Ha ha! I get to buy a new tool. A drawknife. I need it for a cool prop build and nothing else will do the job.
I love it when that happens.
Ha ha! I get to buy a new tool. A drawknife. I need it for a cool prop build and nothing else will do the job.
I love it when that happens.
Okay, listen up, performers in all venues. Sing, Theater, public speaking. Anybody with an audience, really. This is a bit long but it communicates something I’ve always wanted to say. If you don’t have an “audience” then you can skip this. But in one way or another most of us do. I think this can help.
When I talk about the level of planning and execution that it takes to work at a really high level, this is the kind of thing I’m talking about. Take four minutes and watch this amazing performance (h/t Matt for the link). Pay attention to his execution, misdirection (watch what he wants you to watch, then rewind and watch what he _doesn’t_ want you to watch). Then keep reading.
This performance represents hours and hours and hours of patient, slow, methodical practice. Every movement is thought out and carefully crafted. What you’re seeing looks spontaneous and natural, but every twitch, gesture, and facial expression is being executed purely on muscle memory. He’s probably done this sequence of actions five thousand times. And no, that’s likely not an exaggeration.
THIS is the kind of thing I always have in mind while planning a show. You have to think on several levels. What levels? I’m glad you asked:
1. Emotional/Entertainment (highest level): what is your purpose? Not just moment-to-moment, but overall. What do you want to leave the audience with? A feeling of awe? Of sadness? Of quiet reflection? Of anger? Of joy? Each of these is a legitimate goal depending on your purpose. But you will never be able to communicate what you’re trying to say unless you _define_ what you’re trying to say. And saying “we want it to be good/awesome/amazing” isn’t enough. You have to define exactly where the target is or you’ll never know if you hit it. There’s a difference between the emotion you feel during the last scene of Schindler’s List (Liam Neeson standing by Schindler’s grave) and the final image of Monster’s Inc (“Kitty!”). But you can be sure that each of those moments was chosen as a goal. An end-state. And the emotion that you felt as an audience member was carefully crafted and manipulated within you so that when that moment came you were able to experience it clearly. “Manipulated” in this case isn’t a bad thing. There’s an implicit agreement among creators and audience members that this sort of manipulation is okay. I like getting emotional at movies. It’s okay if I’m in on it. Often it’s so easy to lose sight of your target because you get lost in the details. Keeping your goal in mind is always, always, always the #1 thing.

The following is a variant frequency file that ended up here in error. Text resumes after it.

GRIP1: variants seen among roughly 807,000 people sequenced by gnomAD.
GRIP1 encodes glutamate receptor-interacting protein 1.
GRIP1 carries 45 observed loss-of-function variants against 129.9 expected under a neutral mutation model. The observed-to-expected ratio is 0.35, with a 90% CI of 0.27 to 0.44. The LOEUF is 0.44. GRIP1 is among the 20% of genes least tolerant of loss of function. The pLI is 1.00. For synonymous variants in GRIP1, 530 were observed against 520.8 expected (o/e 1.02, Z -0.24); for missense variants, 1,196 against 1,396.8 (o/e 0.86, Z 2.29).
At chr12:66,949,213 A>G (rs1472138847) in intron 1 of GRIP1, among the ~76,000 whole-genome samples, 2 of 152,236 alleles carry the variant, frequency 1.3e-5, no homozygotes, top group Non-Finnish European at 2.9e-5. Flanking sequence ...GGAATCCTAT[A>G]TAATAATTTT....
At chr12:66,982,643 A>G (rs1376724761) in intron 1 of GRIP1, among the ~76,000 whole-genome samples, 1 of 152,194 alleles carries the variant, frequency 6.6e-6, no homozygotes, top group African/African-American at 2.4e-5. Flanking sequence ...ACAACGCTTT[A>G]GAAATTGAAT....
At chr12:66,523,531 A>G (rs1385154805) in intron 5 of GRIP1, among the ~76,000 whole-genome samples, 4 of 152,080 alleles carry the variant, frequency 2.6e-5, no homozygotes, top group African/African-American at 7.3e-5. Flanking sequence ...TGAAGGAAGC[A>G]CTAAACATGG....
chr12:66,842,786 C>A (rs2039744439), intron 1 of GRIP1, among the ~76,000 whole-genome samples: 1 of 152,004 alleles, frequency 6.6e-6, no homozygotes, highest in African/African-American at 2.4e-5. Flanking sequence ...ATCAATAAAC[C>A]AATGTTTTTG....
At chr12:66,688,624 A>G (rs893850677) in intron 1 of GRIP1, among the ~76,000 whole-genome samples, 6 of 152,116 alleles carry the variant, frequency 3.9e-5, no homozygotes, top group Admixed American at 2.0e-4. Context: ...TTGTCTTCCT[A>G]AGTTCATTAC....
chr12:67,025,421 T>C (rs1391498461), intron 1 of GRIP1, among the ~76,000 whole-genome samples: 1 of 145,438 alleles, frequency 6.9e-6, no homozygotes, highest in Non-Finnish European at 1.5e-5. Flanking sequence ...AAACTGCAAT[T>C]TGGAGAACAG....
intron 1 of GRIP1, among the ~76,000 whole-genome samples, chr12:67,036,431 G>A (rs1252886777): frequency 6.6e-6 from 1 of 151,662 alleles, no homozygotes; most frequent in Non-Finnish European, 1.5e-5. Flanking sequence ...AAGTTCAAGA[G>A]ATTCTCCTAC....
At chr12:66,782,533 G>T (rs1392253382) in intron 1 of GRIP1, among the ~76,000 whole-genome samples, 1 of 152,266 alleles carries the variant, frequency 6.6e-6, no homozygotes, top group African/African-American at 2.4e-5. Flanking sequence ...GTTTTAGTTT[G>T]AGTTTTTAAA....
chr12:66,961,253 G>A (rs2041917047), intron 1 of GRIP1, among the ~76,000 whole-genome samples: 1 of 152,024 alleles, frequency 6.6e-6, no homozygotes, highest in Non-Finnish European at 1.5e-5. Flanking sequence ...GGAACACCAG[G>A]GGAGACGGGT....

2. Structural: this is the second level of execution. What are the structural elements required to reach your emotional end-state goal? Why is doing that movement or gesture or motion better than that one? This kind of knowledge and understanding comes with experience. With seeing a lot of things that don’t work and then trying something else and something else and something else until you figure out what does and then putting that thing that does work in your bag of tools to use later. With enough time, your bag of tools gets big enough that you can start to see commonalities when presented with a problem to solve. Even better, you start to see connections between things that you never thought existed and can reach into your experience and solve a problem in a unique way. Your bag of tools will look different from mine and that’s okay. This is called personal style, and is a reflection of the particular experience we’ve each been through. However, the accumulation of these tools represents a common language that we all speak, even if we’re not aware of it. Being cognizant of the tools turns you from emotional consumer into experience creator. In our culture that’s a powerful place to be.